Blog: Brett Callwood

Music writer Brett Callwood hopped the briny deep to follow rockers like the Dirt Bombs and Insane Clown Posse (who got big play in his native England) to Detroit in 2008. This week Brett, author of MC5: Sonically Speaking, the first full biography of the harbingers of punk rock, plumbs the local music scene and its old school influences.

Post 6: Music for the Decades

In the past three years since relocating from London to Detroit, while covering the local music scene for the Metro Times and Metromix, and having written books about two of Detroit's legendary and classic bands in the MC5 and the Stooges, I genuinely feel that I have been able to write about some of the greatest music ever recorded across the decades.

One big thing that I admire about Metro Detroit musicians and artists is their tenacity. They don't understand the concept of giving up. I adore the fact that Scott Morgan, who made such remarkable music in the '60s and '70s with the Rationals and Sonic's Rendezvous Band, is still battling with bands like Powertrane. I wrote about those guys very early on during my time with MT, and I found them all to be genuine and charming. Then there's Jimmy McCarty and Johnny "Bee" Badanjek, both former members of Mitch Ryder's Detroit Wheels. Before reigniting themselves as the Rockets, these awesome musicians were battling away as the Hell Drivers and I wrote a feature on those guys that I'm also very proud of.

John Brannon, the vocalist who made his name in the '80s with seminal hardcore band Negative Approach is still pummeling all comers with the incredible Easy Action, and I was delighted to give Brannon plenty of press space when I wrote a cover feature on him.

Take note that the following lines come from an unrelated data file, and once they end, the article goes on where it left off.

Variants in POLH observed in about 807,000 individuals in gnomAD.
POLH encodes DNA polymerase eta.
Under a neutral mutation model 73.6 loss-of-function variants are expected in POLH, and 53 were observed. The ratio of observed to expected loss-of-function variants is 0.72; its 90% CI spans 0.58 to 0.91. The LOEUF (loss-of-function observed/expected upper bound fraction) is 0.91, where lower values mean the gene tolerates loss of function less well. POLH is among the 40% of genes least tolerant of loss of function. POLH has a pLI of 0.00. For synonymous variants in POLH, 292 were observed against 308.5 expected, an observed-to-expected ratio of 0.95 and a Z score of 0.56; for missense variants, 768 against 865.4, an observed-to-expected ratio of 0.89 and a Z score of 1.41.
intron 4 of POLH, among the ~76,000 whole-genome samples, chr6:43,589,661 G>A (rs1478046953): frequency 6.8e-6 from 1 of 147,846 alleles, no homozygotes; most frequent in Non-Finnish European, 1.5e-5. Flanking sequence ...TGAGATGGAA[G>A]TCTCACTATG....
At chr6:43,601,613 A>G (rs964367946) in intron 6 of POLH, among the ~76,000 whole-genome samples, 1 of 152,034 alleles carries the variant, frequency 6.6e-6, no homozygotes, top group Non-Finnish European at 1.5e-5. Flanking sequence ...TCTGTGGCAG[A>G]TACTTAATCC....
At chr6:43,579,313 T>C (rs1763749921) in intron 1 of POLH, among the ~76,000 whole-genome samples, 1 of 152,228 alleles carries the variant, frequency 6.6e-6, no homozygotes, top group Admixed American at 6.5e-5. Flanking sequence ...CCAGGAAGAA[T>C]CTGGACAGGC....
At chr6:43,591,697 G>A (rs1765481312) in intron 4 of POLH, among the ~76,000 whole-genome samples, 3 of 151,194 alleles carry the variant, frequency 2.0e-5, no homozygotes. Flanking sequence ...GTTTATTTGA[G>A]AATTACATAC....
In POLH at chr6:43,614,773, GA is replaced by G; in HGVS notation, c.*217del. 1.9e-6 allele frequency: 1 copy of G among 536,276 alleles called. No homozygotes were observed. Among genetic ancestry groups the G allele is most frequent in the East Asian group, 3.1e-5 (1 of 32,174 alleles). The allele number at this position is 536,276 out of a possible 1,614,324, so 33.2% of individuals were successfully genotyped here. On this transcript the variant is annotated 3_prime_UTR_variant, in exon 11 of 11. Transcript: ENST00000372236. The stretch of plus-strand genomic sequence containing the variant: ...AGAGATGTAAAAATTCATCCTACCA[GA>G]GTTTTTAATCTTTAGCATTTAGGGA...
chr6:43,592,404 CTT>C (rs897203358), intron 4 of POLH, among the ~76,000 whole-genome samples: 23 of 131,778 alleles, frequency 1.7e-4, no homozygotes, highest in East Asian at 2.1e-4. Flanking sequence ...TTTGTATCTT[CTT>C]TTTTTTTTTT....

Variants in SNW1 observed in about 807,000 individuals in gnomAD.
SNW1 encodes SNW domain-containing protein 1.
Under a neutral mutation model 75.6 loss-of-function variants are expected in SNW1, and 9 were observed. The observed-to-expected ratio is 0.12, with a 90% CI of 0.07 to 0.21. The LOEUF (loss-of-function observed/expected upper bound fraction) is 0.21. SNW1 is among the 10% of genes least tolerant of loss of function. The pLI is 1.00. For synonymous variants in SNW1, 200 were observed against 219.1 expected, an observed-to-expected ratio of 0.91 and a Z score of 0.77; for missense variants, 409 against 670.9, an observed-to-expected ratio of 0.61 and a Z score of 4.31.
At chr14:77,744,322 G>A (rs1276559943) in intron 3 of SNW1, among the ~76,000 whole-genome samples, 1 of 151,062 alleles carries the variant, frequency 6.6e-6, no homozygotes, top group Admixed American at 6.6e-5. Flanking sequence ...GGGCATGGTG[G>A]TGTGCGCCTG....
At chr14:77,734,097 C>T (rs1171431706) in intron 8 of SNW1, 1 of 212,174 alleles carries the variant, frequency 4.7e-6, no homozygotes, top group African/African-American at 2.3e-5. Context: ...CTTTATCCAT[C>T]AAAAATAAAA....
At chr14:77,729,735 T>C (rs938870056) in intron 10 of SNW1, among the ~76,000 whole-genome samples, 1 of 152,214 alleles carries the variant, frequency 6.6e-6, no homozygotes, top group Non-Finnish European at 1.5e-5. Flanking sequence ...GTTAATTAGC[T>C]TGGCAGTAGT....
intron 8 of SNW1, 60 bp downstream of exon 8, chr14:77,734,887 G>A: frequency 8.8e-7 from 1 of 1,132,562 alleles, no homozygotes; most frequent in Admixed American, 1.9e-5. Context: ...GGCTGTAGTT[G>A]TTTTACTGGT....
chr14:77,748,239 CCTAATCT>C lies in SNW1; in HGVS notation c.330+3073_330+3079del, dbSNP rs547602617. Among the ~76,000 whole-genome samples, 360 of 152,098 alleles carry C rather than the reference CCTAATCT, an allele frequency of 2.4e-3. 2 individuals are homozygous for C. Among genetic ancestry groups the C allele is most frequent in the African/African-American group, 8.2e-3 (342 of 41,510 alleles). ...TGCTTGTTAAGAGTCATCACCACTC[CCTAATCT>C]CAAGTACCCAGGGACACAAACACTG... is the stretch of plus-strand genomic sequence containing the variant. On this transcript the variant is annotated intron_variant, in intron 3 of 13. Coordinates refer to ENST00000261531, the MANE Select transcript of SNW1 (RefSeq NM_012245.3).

Vinnie Dombroski from Sponge is still out and about in the bands Crud and the Orbitsuns, while I even got to write about former MC5 manager John Sinclair when he recorded an album with experimental jazz-rock ensemble Pinkeye.

I feel like it's this spirit that keeps Detroit alive, keeps it so artistically relevant. Never say die.

Of course, the city will always need the young blood coming through to shine. And shine they do.

The music scene, across the genres, in Metro Detroit right now is as eclectic and exciting as at any time in its history. The artists might not immediately sound like the likes of Nugent, Iggy or Aretha, but the Detroit sound is absolutely there.

Allow me to provide some examples…

When my MC5 book was released in America in September of this year, I had a launch party at the New Way in Ferndale and there was no doubt that I wanted Marco Polio & the New Vaccines to play. I had written a Metro Times feature on these guys, having stumbled across them playing in the streets of Royal Oak outside the Noir Leather store, and I believe that they're one of the most exciting bands on the scene. In spirit, they're very MC5 even if, upon first listen, you might think me crazy for saying that. There's an almost religious, preacher-like quality about front man Steve Puwalski, much like Rob Tyner. He can hold a crowd in the palm of his hand even if initially, as at this years Arts, Beats & Eats Festival, the crowd is fairly disinterested in him and his band. That's why Marco Polio is so important, and why they remind me of the 5. They feel like far more than just a band.

But they are just the tip of the iceberg.